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Will the U.S. Finally End the Death Penalty?

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In the past, abolition efforts have faced a backlash—but Gavin Newsom’s moratorium may be different.
The American death penalty is extraordinarily fragile, with death sentences and executions on the decline. Public support for the death penalty has diminished. The practice is increasingly marginalized around the world. California, with its disproportionately large share of American death-row inmates, announces an end to the death penalty. The year? 1972. That’s when the California Supreme Court declared the death penalty inconsistent with the state’s constitutional prohibition of cruel or unusual punishments—only to have the death penalty restored a year later through popular initiative and legislation.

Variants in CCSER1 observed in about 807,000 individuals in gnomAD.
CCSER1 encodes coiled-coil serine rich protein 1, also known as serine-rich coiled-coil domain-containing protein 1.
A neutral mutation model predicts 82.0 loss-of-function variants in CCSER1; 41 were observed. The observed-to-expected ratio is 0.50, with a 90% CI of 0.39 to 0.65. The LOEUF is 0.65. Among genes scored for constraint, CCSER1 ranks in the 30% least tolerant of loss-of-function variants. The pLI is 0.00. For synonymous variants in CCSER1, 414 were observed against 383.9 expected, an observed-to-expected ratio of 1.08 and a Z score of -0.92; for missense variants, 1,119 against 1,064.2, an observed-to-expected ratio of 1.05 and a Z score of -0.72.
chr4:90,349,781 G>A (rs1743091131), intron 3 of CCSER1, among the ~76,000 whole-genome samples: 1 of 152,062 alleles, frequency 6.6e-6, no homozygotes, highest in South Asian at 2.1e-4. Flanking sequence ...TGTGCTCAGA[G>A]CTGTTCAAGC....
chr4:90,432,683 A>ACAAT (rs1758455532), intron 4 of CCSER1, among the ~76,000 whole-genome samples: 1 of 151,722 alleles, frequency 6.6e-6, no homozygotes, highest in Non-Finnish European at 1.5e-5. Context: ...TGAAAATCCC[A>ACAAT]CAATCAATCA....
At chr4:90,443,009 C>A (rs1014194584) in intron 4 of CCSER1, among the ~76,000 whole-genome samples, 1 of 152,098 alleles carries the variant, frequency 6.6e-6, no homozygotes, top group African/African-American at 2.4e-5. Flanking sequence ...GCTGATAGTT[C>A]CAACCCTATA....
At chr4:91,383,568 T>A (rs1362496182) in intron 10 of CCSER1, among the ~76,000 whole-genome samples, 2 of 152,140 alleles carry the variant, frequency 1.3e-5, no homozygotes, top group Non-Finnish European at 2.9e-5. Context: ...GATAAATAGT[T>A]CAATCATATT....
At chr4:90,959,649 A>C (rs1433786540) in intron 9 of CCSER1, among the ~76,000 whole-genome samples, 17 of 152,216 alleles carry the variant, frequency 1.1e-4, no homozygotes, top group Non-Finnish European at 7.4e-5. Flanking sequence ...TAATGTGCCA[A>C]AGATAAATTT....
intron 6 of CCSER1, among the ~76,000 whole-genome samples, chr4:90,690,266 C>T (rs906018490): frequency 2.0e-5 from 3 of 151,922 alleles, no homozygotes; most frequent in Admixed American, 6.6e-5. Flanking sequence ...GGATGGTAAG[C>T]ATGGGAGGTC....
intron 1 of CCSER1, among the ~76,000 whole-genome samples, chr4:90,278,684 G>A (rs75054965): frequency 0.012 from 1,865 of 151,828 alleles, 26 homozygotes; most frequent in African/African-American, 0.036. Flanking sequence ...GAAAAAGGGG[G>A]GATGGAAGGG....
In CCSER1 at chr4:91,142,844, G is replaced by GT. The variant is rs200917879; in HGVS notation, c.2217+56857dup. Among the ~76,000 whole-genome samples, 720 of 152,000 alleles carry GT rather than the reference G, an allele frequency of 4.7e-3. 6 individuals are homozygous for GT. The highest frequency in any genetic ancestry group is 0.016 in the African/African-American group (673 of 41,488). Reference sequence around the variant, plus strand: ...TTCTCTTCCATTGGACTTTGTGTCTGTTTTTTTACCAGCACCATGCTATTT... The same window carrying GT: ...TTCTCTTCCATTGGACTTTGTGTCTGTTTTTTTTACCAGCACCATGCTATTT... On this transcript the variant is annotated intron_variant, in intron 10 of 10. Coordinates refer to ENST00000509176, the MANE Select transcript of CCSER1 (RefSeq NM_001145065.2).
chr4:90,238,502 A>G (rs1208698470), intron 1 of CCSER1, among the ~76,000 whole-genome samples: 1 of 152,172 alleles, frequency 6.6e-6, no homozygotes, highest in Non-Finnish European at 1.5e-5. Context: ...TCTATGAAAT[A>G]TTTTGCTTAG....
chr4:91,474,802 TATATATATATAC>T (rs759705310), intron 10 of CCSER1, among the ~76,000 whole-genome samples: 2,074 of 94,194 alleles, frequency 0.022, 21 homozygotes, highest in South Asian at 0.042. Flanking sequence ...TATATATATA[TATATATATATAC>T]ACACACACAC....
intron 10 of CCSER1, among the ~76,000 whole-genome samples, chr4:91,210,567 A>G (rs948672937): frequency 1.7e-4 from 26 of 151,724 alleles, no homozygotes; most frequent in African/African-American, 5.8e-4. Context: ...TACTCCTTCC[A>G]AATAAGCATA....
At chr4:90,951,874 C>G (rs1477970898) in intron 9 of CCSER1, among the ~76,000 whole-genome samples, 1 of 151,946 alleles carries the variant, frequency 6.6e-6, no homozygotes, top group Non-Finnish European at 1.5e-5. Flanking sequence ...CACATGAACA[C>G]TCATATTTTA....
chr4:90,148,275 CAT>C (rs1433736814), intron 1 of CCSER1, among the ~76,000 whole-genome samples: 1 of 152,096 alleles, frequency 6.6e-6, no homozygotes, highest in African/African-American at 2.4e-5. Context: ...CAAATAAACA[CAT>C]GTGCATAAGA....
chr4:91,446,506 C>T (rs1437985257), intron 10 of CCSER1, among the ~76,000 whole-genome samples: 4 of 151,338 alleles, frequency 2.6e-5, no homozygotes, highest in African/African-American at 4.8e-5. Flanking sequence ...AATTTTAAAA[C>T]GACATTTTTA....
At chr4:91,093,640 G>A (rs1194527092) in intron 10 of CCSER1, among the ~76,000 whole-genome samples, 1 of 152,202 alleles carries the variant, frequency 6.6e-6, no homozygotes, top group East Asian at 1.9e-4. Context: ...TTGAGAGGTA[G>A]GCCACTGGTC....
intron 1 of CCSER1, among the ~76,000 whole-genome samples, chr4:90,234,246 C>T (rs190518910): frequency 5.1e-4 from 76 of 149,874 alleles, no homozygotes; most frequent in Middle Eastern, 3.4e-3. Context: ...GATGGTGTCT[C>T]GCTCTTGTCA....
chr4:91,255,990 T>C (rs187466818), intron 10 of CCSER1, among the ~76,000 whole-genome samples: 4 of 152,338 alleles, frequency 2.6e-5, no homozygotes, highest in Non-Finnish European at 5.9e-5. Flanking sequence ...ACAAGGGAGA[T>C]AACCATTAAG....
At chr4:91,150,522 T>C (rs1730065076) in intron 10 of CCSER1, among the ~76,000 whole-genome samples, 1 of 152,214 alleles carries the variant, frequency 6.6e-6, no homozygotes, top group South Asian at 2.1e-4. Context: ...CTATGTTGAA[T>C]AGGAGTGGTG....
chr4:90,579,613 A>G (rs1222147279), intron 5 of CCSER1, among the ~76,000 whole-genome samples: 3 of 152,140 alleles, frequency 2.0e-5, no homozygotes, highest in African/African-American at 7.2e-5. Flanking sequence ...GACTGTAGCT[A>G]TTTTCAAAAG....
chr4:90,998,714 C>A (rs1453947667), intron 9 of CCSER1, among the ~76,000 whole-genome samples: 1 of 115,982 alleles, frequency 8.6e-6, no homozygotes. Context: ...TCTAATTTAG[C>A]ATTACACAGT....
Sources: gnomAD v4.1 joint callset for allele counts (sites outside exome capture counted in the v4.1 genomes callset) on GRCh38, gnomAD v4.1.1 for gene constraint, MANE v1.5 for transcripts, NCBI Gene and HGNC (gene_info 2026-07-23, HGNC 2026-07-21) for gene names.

On Wednesday, again, California walked back its commitment to the death penalty. Though not full-fledged abolition, Governor Gavin Newsom declared a moratorium on capital punishment lasting as long as his tenure in office, insisting that the California death penalty has been an “abject…

Montana: Republican Senate Candidate "Supports the Death Penalty for Illegal Aliens Who Commit Murders"

Russ Fagg
Montana hasn't executed anyone in more a decade, and it's unlikely to carry out a death sentence anytime soon. But you wouldn't know that from watching the state's US Senate race. In the hotly contested primary to take on incumbent Democratic Sen. Jon Tester, one Republican candidate - former Judge Russ Fagg - has decided to make capital punishment a cornerstone of his campaign.

"The death penalty in this case is being used as a vehicle to talk about one of the biggest issues to Republican primary voters."